On the other hand, many of the more flexible, quick moving, and technologically advanced organizations have prospered.  One reason for this may be that Technology based companies have flat organizational structures rather than hierarchical bureaucracies.  In addition they often have merit-based promotion and compensation schemes, rather than seniority based promotion schemes.

What does all this mean for us as investors?  It means that when investing in the developed world, we must find and invest in companies that are technologically advanced and well managed.

In today’s information society, the most valuable characteristics to have are knowledge and that ability to communicate it effectively.  In this information era products and services to expedite communication are richly rewarded.  That’s why some of the most successful companies are those that have discovered how to create products and services to help people communicate and share knowledge.


The huge financing needs of the U.S. government are causing the U.S. itself to have to buy a large part of their own issuance of bonds.  This money creation is becoming more obvious to global investors, and we believe that they will begin to demand higher interests rates to purchase U.S. bonds.  We are issuing a warning to all readers of our commentary who own bonds with maturities of longer than 5 years to be very careful.  We believe that interest rates on 10 to 30 year U.S. bonds will rise and the value of the bonds will fall.


Mr. Volcker is a Democrat and the former chairman of the Federal Reserve.  Those who lived through the 1980’s remember how he brought inflation down and saved the economy from the high inflation of the 70’s.  He stared down the powerful congressional interests and mortgage loan lobby.  Until now Mr. Volcker has been silent.  Now he comes out swinging against the rampart hedge funds like activities of major banks.  Instead of lending to the public the banks are speculating with their capital to increase the bonuses of highly paid traders, bankers, and investment bankers.  If they win, their bonus will be big.  If they lose, the tax payer bails them out.

Volcker proposals according to the Wall Street Journal are:

Former Federal Reserve Chairman Paul Volcker on Wednesday said banks should operate in a much less risky fashion, including not making trading bets with their own capital, comments that could provoke intensified debates over the future of financial regulation.

Mr. Volcker, who currently in chairman of the White House’s Economic Recovery Advisory Board, suggested banks should be restricted to trading on their client’s behalf instead of making bets with their own money through internal units that often act like hedge funds.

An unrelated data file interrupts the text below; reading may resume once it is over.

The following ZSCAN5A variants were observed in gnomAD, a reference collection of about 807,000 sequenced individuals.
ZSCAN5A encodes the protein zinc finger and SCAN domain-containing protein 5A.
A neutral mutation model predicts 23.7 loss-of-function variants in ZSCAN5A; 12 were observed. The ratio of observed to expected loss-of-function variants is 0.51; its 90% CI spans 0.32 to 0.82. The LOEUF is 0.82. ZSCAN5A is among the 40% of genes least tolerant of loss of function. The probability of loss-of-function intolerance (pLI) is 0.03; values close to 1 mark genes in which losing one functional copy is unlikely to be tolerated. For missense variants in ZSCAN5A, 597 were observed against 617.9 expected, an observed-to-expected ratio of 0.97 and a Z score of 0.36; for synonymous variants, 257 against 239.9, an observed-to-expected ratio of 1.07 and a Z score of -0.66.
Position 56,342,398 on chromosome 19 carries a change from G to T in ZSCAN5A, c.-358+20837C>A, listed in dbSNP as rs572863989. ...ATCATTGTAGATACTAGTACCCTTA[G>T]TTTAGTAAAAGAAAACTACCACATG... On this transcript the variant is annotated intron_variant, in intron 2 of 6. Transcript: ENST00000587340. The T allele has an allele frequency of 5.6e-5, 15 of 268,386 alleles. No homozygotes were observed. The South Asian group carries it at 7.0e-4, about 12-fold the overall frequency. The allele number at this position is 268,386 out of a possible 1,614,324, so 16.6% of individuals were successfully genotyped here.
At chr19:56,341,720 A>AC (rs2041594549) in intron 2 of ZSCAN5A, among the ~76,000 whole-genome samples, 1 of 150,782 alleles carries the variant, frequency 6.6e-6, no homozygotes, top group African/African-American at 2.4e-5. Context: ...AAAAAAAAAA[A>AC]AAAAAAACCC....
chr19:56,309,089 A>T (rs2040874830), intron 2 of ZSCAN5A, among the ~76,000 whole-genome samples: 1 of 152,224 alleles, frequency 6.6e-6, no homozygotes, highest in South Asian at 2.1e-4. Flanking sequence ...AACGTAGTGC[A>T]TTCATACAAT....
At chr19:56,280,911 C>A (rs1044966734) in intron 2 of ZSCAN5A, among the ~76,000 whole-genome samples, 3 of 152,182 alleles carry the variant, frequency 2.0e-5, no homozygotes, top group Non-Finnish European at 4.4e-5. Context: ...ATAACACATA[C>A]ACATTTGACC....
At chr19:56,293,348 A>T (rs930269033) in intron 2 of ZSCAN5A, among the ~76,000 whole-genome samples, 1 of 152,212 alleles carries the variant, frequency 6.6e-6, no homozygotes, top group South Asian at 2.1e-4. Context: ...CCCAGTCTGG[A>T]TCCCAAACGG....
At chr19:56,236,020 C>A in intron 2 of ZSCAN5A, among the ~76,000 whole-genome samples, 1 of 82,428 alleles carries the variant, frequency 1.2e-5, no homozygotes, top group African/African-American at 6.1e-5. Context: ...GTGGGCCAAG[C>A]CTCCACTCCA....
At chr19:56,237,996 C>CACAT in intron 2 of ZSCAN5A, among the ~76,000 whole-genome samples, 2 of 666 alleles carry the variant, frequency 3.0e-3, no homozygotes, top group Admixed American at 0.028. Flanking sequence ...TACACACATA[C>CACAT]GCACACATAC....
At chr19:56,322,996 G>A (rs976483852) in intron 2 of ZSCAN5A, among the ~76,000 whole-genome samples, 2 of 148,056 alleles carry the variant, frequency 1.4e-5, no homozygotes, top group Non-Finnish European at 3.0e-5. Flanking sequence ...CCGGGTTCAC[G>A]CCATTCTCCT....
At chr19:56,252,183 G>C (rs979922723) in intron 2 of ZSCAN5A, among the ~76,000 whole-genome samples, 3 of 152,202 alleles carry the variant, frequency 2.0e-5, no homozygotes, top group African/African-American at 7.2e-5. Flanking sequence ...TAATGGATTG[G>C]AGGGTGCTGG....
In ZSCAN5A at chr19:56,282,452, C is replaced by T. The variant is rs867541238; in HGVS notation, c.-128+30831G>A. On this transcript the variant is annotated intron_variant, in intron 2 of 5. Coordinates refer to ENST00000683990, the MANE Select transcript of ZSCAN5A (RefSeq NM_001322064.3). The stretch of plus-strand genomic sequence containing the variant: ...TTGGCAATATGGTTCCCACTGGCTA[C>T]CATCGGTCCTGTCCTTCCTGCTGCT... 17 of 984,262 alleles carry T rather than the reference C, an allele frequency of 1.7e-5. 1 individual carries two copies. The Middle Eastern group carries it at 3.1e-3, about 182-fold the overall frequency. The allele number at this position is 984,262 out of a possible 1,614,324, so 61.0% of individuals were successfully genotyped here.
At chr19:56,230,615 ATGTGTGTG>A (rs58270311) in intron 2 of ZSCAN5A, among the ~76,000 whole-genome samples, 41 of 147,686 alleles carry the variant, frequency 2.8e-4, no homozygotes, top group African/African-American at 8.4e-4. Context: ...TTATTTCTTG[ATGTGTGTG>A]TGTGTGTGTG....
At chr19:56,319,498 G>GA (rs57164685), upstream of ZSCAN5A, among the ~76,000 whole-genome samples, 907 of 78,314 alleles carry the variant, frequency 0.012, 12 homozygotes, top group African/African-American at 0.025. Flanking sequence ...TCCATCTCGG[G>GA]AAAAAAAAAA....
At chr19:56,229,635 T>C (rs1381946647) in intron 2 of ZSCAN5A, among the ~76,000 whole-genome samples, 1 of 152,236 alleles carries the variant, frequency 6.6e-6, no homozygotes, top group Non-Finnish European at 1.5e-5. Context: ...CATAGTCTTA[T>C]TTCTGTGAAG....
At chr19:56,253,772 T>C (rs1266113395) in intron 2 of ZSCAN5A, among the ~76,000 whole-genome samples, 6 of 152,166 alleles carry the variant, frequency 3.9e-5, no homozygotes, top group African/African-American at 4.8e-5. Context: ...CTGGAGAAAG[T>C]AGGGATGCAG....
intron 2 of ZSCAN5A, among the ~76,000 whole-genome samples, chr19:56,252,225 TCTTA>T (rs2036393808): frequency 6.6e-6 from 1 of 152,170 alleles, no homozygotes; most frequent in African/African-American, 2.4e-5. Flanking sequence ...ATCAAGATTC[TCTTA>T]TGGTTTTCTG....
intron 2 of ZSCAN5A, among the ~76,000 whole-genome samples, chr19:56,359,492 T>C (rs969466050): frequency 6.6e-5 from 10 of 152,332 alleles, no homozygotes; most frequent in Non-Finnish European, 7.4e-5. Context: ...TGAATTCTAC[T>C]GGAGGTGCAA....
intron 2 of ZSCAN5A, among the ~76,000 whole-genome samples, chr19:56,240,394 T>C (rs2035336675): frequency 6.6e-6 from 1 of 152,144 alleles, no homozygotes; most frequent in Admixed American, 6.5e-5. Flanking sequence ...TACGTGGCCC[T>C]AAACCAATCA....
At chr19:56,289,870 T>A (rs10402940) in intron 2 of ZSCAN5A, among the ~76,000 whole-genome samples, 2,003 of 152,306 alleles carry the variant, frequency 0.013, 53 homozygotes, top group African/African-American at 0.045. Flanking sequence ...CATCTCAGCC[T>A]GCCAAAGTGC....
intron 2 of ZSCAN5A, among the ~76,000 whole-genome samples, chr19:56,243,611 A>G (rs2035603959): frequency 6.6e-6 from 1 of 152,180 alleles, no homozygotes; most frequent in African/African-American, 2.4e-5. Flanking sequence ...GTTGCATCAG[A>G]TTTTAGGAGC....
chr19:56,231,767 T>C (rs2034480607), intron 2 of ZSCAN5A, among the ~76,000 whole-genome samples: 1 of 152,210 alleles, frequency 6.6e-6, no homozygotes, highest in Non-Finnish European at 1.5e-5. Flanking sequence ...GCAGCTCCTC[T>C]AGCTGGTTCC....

“Extensive participation in the impersonal, transaction-oriented capital market does not seem to me an intrinsic part of commercial banking, “he said in a speech to the Association for Corporate Growth in Los Angeles.

Mr. Volcker’s comments could put him at odds with the Obama administration’s proposal for new financial rules.  The White House has called for more oversight of banks’ operations but doesn’t push such strict limits on what they do.

We believe that The effects of the Volcker’s proposals would be beneficial to the Main Street and would reign in Wall Street.  This will be hard, because a huge percentage of the money received by congress members to fund their re-election comes from Wall Street.  (The average congressman needs to raise $13,000 /  day to be re-elected each 2 years)

Some benefits that we believe Mr. Volcker’s plan would:

1.  Promote financial transparency.
2.  Lessen risk of taxpayers being required to further bail out Wall Street.
3.  Stop issuance of OTC derivatives by banks.  These were a major cause of the current problems in the U.S. & Europe.
4.  Allow for more bank loans to Main Street.


In summary, we believe that the U.S. dollar will fall much more in the coming months.  We therefore continue to be bullish on gold, oil, Asian stock markets like China, India, Taiwan, Hong Kong, and selected U.S. stocks.  A further impetus for our bullish view on Asian stocks is the fact that Asian economic growth is strong and much faster than economic growth in other parts of the world.  We will be buying the dips.

Thanks for listening.  Please do not hesitate to contact us with questions or comments.